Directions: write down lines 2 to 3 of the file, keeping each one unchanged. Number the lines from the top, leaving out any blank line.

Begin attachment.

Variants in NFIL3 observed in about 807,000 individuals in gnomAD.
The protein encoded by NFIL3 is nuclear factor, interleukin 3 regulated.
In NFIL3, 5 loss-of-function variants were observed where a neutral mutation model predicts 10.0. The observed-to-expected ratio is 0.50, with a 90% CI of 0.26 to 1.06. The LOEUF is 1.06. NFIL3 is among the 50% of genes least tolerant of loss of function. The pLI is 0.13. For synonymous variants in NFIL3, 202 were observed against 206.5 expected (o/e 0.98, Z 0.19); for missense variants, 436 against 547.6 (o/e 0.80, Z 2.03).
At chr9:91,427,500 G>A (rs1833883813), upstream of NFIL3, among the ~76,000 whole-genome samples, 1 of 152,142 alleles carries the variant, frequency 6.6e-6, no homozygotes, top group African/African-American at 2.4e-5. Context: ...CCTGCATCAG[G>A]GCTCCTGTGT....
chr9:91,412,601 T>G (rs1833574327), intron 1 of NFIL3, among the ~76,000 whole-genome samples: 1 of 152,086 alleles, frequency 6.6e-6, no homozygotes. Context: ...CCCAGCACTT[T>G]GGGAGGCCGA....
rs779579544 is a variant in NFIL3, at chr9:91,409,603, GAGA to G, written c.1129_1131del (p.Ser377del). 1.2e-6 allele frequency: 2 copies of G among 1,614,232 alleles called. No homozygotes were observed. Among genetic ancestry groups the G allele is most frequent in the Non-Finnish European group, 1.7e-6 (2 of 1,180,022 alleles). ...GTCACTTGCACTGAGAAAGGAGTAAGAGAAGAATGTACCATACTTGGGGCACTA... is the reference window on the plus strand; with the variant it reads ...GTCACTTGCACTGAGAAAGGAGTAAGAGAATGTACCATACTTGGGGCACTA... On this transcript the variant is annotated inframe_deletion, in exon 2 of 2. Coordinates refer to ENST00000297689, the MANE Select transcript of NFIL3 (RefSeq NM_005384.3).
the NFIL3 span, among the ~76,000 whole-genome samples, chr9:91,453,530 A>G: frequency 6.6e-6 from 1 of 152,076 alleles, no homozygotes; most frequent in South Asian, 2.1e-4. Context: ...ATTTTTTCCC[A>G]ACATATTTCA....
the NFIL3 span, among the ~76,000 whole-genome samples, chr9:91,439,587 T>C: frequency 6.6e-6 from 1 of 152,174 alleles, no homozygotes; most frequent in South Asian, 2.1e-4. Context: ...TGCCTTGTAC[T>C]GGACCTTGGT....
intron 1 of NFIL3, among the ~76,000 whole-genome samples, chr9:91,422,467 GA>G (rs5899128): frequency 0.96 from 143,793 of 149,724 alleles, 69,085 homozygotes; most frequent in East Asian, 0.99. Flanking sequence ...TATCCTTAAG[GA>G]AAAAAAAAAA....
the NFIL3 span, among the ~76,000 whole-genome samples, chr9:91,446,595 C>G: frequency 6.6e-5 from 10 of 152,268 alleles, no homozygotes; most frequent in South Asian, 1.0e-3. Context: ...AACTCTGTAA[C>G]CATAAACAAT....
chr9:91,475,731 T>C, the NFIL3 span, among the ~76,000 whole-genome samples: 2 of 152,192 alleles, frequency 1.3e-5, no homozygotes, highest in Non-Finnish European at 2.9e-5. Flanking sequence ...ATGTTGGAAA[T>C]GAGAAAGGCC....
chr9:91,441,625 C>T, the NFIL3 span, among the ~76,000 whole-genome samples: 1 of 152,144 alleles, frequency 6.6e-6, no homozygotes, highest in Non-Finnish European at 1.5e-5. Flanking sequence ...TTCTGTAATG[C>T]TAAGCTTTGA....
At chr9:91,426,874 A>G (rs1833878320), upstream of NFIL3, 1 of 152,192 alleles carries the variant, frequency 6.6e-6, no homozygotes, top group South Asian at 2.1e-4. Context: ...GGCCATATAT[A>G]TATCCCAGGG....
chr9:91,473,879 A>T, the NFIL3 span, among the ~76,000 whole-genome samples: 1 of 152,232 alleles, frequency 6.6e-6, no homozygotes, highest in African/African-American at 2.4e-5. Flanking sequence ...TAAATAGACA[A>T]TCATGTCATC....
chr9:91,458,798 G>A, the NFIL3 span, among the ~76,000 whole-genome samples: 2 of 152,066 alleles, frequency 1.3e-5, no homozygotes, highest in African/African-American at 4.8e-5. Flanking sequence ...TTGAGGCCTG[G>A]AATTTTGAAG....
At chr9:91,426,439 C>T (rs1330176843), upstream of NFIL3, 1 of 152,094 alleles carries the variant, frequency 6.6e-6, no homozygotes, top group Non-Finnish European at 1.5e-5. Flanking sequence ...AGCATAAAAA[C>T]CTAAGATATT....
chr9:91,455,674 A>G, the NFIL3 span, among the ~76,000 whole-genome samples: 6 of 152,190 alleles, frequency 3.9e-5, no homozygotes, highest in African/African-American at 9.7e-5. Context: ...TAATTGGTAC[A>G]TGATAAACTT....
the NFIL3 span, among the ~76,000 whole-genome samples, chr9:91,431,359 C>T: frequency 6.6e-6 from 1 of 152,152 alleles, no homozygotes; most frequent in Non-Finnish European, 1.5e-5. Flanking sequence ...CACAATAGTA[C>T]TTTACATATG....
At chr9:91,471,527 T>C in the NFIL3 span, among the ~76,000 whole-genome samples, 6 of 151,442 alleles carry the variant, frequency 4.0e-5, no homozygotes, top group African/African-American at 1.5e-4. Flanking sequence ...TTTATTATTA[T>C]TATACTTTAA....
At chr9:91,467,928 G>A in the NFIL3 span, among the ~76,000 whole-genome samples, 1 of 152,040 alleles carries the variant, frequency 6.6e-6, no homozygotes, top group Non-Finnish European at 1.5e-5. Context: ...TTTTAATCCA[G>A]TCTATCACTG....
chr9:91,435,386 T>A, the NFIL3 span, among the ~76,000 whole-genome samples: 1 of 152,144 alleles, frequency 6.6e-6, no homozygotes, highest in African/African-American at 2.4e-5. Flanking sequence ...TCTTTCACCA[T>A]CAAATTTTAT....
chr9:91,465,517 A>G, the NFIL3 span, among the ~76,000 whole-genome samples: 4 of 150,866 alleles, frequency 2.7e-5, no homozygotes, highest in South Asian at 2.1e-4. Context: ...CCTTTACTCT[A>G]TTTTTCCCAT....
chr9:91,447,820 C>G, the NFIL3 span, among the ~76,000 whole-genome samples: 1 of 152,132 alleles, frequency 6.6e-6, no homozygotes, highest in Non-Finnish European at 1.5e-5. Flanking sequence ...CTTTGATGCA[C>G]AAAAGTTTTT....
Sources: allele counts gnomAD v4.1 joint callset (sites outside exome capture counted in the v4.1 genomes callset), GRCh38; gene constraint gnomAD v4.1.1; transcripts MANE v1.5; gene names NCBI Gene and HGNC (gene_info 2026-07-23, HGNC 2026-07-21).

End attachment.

The protein encoded by NFIL3 is nuclear factor, interleukin 3 regulated.
In NFIL3, 5 loss-of-function variants were observed where a neutral mutation model predicts 10.0. The observed-to-expected ratio is 0.50, with a 90% CI of 0.26 to 1.06. The LOEUF is 1.06. NFIL3 is among the 50% of genes least tolerant of loss of function. The pLI is 0.13. For synonymous variants in NFIL3, 202 were observed against 206.5 expected (o/e 0.98, Z 0.19); for missense variants, 436 against 547.6 (o/e 0.80, Z 2.03).